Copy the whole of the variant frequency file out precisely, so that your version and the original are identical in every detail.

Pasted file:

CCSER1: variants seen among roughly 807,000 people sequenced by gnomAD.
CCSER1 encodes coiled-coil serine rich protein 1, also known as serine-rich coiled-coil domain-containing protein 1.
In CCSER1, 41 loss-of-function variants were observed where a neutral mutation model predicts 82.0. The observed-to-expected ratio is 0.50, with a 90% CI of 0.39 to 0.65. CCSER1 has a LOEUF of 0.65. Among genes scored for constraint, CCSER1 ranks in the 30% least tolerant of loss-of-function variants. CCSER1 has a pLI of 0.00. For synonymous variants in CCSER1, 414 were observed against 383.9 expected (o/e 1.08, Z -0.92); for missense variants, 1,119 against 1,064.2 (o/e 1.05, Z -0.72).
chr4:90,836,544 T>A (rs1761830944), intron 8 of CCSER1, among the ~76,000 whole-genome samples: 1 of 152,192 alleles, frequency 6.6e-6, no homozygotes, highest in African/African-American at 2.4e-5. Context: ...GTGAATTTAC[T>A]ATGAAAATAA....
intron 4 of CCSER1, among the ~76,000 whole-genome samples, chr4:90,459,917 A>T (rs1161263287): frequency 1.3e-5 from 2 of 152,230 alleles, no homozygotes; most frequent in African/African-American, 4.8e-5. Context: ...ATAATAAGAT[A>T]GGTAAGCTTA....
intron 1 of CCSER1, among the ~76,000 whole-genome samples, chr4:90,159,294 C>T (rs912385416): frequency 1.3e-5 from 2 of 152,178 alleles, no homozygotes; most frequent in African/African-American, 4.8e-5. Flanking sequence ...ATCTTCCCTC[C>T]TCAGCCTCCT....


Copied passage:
CCSER1: variants seen among roughly 807,000 people sequenced by gnomAD.
CCSER1 encodes coiled-coil serine rich protein 1, also known as serine-rich coiled-coil domain-containing protein 1.
In CCSER1, 41 loss-of-function variants were observed where a neutral mutation model predicts 82.0. The observed-to-expected ratio is 0.50, with a 90% CI of 0.39 to 0.65. CCSER1 has a LOEUF of 0.65. Among genes scored for constraint, CCSER1 ranks in the 30% least tolerant of loss-of-function variants. CCSER1 has a pLI of 0.00. For synonymous variants in CCSER1, 414 were observed against 383.9 expected (o/e 1.08, Z -0.92); for missense variants, 1,119 against 1,064.2 (o/e 1.05, Z -0.72).
chr4:90,836,544 T>A (rs1761830944), intron 8 of CCSER1, among the ~76,000 whole-genome samples: 1 of 152,192 alleles, frequency 6.6e-6, no homozygotes, highest in African/African-American at 2.4e-5. Context: ...GTGAATTTAC[T>A]ATGAAAATAA....
intron 4 of CCSER1, among the ~76,000 whole-genome samples, chr4:90,459,917 A>T (rs1161263287): frequency 1.3e-5 from 2 of 152,230 alleles, no homozygotes; most frequent in African/African-American, 4.8e-5. Context: ...ATAATAAGAT[A>T]GGTAAGCTTA....
intron 1 of CCSER1, among the ~76,000 whole-genome samples, chr4:90,159,294 C>T (rs912385416): frequency 1.3e-5 from 2 of 152,178 alleles, no homozygotes; most frequent in African/African-American, 4.8e-5. Flanking sequence ...ATCTTCCCTC[C>T]TCAGCCTCCT....